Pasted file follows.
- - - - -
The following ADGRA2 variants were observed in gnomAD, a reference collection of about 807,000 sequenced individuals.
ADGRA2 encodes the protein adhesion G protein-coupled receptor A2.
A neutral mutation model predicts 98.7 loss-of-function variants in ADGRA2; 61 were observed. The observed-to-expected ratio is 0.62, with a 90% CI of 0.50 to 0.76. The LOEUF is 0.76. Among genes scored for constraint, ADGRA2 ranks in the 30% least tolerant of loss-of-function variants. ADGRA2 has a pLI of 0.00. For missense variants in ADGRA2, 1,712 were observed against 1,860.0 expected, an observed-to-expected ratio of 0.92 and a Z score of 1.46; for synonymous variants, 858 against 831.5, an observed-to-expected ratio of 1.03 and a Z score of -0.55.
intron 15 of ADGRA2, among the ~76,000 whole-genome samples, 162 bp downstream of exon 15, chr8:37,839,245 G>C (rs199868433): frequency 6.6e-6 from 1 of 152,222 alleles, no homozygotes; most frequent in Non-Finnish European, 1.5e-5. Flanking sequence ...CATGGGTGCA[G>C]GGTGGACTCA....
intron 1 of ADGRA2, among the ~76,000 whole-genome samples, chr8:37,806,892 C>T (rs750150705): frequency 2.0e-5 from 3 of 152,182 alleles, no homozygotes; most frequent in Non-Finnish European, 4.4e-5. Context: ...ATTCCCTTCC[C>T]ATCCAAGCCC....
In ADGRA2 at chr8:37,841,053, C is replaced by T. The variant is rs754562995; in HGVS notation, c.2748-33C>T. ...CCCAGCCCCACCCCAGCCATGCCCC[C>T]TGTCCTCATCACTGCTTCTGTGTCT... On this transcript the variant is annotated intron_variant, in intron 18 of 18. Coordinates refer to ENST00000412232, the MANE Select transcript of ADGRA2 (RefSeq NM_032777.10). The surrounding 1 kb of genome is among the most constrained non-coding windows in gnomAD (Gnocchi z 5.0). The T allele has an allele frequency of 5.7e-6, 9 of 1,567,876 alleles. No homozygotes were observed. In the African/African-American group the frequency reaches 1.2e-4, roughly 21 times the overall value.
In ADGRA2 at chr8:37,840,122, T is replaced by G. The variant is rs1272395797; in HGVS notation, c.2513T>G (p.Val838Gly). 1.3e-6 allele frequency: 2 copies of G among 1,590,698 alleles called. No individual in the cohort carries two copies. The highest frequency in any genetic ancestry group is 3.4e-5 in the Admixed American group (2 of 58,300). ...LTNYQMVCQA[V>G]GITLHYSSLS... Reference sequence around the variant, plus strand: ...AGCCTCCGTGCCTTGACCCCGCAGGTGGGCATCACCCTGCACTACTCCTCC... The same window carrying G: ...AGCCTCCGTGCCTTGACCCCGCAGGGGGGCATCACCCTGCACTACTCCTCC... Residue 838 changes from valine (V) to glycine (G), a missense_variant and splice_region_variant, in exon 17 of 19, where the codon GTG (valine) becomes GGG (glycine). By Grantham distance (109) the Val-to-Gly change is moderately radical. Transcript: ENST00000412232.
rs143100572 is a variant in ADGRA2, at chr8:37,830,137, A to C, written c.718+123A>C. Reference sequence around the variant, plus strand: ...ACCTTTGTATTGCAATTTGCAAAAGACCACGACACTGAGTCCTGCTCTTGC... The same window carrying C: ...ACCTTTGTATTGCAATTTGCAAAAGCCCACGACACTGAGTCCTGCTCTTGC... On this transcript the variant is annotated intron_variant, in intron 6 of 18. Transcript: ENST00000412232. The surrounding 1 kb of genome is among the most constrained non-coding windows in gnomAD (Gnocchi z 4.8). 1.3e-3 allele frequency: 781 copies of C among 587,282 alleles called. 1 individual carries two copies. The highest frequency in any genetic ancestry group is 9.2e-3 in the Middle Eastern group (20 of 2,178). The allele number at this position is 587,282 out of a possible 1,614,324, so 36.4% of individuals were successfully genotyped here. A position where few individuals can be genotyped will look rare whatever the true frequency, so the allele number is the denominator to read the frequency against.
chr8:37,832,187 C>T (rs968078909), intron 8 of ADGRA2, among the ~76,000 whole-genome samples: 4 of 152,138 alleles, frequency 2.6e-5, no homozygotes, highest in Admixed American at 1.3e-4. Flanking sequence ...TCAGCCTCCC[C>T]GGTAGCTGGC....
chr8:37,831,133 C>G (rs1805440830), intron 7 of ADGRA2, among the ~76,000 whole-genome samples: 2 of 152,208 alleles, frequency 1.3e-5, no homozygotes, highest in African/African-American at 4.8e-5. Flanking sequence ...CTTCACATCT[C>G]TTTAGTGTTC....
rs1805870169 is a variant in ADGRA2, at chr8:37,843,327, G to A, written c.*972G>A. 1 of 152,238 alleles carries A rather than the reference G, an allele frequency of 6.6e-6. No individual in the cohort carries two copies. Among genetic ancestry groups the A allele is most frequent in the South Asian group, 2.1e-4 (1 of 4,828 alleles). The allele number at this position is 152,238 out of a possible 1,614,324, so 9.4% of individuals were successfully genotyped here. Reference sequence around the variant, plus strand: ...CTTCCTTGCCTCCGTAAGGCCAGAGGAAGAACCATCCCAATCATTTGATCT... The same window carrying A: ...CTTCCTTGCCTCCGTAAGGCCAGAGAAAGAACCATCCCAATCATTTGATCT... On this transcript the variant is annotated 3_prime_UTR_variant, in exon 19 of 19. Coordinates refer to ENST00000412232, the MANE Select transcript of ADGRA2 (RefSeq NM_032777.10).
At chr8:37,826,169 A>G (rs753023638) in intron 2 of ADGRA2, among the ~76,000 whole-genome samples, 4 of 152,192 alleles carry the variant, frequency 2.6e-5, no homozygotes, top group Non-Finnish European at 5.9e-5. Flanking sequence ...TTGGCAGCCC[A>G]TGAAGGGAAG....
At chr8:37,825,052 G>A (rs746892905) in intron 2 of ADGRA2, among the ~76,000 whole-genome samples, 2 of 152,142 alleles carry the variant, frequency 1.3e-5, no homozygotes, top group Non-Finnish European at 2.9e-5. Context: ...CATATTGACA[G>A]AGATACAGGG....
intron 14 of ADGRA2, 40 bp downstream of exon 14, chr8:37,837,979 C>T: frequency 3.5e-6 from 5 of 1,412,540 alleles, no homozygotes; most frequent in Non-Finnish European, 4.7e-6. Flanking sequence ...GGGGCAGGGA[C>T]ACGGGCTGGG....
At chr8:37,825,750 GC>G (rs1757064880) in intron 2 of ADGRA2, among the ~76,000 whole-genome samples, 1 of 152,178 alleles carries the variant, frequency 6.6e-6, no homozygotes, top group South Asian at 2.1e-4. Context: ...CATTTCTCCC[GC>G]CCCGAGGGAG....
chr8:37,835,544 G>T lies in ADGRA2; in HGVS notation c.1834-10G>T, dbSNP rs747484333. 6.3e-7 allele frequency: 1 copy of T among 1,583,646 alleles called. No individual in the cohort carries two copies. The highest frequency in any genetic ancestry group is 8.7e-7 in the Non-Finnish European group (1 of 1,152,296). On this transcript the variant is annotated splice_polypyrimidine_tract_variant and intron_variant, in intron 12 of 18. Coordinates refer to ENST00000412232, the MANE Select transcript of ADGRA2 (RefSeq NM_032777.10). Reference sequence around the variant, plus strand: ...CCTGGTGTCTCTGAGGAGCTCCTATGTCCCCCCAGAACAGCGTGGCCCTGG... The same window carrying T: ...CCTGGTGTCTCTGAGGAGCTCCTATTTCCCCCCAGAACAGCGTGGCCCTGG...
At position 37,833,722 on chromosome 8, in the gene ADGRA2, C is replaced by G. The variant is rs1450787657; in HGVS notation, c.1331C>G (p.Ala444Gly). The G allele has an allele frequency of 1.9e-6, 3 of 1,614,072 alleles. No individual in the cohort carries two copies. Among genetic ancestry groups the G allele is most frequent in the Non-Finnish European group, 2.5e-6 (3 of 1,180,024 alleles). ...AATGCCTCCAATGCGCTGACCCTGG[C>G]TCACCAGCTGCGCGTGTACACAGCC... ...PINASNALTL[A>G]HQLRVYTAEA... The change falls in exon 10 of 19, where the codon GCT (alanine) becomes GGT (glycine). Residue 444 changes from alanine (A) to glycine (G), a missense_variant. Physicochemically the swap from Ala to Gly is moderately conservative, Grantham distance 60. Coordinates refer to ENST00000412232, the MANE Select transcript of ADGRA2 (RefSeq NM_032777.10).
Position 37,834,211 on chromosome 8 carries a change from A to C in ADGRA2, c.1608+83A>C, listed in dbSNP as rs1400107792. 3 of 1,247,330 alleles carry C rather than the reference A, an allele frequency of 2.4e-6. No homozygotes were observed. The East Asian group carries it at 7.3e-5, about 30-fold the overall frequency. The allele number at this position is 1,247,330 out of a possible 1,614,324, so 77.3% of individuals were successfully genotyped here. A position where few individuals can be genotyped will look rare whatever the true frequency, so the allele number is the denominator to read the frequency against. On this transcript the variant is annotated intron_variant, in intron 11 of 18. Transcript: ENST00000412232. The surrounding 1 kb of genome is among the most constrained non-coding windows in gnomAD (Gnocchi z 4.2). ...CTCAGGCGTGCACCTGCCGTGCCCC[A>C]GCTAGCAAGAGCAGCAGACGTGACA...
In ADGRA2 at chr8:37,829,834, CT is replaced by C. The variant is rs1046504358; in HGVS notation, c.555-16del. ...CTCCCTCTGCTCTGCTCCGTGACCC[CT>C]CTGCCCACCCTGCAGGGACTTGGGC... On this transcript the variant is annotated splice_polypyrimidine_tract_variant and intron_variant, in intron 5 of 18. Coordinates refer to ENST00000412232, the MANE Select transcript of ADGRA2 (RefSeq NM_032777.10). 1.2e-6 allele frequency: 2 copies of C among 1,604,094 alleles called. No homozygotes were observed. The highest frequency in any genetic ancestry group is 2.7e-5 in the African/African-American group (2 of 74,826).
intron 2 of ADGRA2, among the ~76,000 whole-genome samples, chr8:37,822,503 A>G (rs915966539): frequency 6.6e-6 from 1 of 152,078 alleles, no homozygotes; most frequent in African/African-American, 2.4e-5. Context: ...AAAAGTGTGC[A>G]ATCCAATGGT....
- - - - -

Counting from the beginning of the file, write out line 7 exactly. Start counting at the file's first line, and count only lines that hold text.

In ADGRA2 at chr8:37,840,122, T is replaced by G. The variant is rs1272395797; in HGVS notation, c.2513T>G (p.Val838Gly). 1.3e-6 allele frequency: 2 copies of G among 1,590,698 alleles called. No individual in the cohort carries two copies. The highest frequency in any genetic ancestry group is 3.4e-5 in the Admixed American group (2 of 58,300). ...LTNYQMVCQA[V>G]GITLHYSSLS... Reference sequence around the variant, plus strand: ...AGCCTCCGTGCCTTGACCCCGCAGGTGGGCATCACCCTGCACTACTCCTCC... The same window carrying G: ...AGCCTCCGTGCCTTGACCCCGCAGGGGGGCATCACCCTGCACTACTCCTCC... Residue 838 changes from valine (V) to glycine (G), a missense_variant and splice_region_variant, in exon 17 of 19, where the codon GTG (valine) becomes GGG (glycine). By Grantham distance (109) the Val-to-Gly change is moderately radical. Transcript: ENST00000412232.